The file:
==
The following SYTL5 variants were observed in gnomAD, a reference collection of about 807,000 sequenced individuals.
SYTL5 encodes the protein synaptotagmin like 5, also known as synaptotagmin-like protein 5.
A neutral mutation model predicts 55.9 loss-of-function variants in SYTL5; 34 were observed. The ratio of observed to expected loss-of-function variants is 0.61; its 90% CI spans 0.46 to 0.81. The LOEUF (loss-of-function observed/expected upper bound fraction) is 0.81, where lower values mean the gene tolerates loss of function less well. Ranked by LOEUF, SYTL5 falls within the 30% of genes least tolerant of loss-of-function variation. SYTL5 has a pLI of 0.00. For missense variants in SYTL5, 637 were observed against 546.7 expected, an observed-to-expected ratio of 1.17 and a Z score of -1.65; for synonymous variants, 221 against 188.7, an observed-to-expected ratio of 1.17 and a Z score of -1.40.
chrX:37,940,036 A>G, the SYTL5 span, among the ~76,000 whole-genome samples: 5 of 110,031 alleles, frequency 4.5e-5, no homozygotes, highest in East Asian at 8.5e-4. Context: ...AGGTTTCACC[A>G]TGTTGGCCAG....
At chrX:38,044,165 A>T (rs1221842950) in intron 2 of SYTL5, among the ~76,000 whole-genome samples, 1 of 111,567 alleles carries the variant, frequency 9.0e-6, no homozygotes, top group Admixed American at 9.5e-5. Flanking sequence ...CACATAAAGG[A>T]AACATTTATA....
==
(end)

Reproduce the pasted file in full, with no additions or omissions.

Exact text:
The following SYTL5 variants were observed in gnomAD, a reference collection of about 807,000 sequenced individuals.
SYTL5 encodes the protein synaptotagmin like 5, also known as synaptotagmin-like protein 5.
A neutral mutation model predicts 55.9 loss-of-function variants in SYTL5; 34 were observed. The ratio of observed to expected loss-of-function variants is 0.61; its 90% CI spans 0.46 to 0.81. The LOEUF (loss-of-function observed/expected upper bound fraction) is 0.81, where lower values mean the gene tolerates loss of function less well. Ranked by LOEUF, SYTL5 falls within the 30% of genes least tolerant of loss-of-function variation. SYTL5 has a pLI of 0.00. For missense variants in SYTL5, 637 were observed against 546.7 expected, an observed-to-expected ratio of 1.17 and a Z score of -1.65; for synonymous variants, 221 against 188.7, an observed-to-expected ratio of 1.17 and a Z score of -1.40.
chrX:37,940,036 A>G, the SYTL5 span, among the ~76,000 whole-genome samples: 5 of 110,031 alleles, frequency 4.5e-5, no homozygotes, highest in East Asian at 8.5e-4. Context: ...AGGTTTCACC[A>G]TGTTGGCCAG....
At chrX:38,044,165 A>T (rs1221842950) in intron 2 of SYTL5, among the ~76,000 whole-genome samples, 1 of 111,567 alleles carries the variant, frequency 9.0e-6, no homozygotes, top group Admixed American at 9.5e-5. Flanking sequence ...CACATAAAGG[A>T]AACATTTATA....